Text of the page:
Diabetes Mellitus

by Lee Wyatt
(last updated August 23, 2013)

Chances are, if you or someone that you know has been diagnosed with diabetes that you have heard a phrase that leaves you a little confused, and perhaps concerned. That phrase is diabetes mellitus. To help alleviate the confusion, and erase some of the concern, all you really need to know is that diabetes mellitus is the scientific name for the disease that is more commonly known as diabetes. That being said, here are a few more bits of information about the various types of diabetes mellitus that are out there, and what they can do.

  • Type 1 Diabetes Mellitus. This type of diabetes comes about when the body fails to produce any insulin naturally. What this means is that those who are diagnosed with Type 1 Diabetes will need to use artificial means to introduce insulin to their body. The typical methods that are used for this are things an insulin shot, and in the cases of severe diabetes the use an insulin pump. In the past, this type of diabetes was referred to as juvenile diabetes since it typically appears in younger individuals, such as children.
  • Type 2 Diabetes Mellitus. Also known as Type 2 Diabetes, this is a condition that develops when the body begins to form an insulin resistance, or the body is in some other way unable to process insulin correctly. Typically this is referred to as adult onset diabetes, and is usually the result of an improper diet, or other type of weight issue.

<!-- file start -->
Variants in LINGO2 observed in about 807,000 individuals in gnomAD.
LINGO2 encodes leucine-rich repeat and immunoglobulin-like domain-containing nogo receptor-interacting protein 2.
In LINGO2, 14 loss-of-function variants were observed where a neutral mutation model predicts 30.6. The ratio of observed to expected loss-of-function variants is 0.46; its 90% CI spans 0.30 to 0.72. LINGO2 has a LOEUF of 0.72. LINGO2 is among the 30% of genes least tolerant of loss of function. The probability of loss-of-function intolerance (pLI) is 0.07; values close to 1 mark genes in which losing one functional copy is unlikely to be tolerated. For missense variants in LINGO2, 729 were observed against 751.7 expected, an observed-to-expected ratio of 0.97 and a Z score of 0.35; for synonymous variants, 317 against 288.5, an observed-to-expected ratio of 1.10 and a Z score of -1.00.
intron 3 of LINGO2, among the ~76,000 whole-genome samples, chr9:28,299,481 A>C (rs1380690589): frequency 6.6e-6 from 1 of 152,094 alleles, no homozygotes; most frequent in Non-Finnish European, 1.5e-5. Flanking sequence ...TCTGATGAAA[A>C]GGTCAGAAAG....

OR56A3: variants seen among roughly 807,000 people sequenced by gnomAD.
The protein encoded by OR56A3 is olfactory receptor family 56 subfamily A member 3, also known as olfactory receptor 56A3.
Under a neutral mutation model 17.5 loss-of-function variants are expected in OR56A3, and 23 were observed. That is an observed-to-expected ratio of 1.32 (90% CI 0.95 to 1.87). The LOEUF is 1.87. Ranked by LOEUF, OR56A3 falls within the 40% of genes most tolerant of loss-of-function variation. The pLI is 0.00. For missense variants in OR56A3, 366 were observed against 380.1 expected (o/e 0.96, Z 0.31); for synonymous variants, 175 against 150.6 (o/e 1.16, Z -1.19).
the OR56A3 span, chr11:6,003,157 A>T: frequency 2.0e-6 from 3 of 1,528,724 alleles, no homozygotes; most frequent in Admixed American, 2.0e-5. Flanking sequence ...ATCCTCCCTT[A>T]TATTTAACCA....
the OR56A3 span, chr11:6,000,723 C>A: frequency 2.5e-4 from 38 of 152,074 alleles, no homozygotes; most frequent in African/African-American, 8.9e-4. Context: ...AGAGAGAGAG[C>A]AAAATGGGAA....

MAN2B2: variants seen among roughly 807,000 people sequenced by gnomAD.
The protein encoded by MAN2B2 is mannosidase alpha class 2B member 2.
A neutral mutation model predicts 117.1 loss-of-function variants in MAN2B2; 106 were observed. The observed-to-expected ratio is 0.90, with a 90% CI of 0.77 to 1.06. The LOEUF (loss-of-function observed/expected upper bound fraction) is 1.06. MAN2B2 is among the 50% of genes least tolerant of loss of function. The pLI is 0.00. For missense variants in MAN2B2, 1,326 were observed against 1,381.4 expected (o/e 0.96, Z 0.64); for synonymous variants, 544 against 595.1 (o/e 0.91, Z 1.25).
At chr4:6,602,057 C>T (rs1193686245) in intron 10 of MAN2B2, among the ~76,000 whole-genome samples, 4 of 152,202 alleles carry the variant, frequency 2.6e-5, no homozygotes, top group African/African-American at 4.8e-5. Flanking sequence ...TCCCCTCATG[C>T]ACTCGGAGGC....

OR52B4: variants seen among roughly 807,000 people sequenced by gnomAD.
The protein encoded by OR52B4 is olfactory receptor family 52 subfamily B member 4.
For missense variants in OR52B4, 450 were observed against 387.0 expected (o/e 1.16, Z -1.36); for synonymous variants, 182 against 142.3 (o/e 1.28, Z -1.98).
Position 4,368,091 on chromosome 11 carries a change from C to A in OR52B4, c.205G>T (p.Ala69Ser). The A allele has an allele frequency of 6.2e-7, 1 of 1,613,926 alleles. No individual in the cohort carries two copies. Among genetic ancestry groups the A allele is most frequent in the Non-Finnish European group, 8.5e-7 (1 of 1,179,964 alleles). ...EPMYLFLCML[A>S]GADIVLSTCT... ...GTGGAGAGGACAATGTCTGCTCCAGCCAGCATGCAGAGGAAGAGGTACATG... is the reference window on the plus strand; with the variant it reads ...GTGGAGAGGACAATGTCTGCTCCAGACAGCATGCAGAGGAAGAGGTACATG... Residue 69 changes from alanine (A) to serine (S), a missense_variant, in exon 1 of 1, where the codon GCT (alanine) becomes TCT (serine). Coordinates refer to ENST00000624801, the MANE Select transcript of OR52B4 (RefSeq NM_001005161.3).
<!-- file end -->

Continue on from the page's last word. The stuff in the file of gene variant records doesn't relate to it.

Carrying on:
• Congenital Diabetes Mellitus. Unlike other types of diabetes, congenital diabetes is the result of a problem in the afflicted person's genes. This defect has an impact on the insulin secretion of the body, and results in an individual needing to have some artificial help in receiving insulin. While it the effects are similar to Type 1 and Type 2, congenital diabetes is different.
  • Gestational Diabetes Mellitus. This type of diabetes is one that only a woman can get. The reason for this is that it shows up only in pregnant women, and then only when the conditions are right. When it shows up, it will show up in a woman that has never had diabetes before, and has an excessively high blood sugar level. With the proper treatment and monitoring, this type of diabetes can go away after the baby is born. Be aware though that it can be considered a precursor for Type 2 diabetes later in life.

Author Bio

Lee Wyatt

Contributor of numerous Tips.Net articles, Lee Wyatt is quickly becoming a regular "Jack of all trades." He is currently an independent contractor specializing in writing and editing. Contact him today for all of your writing and editing needs! Click here to contact. ...

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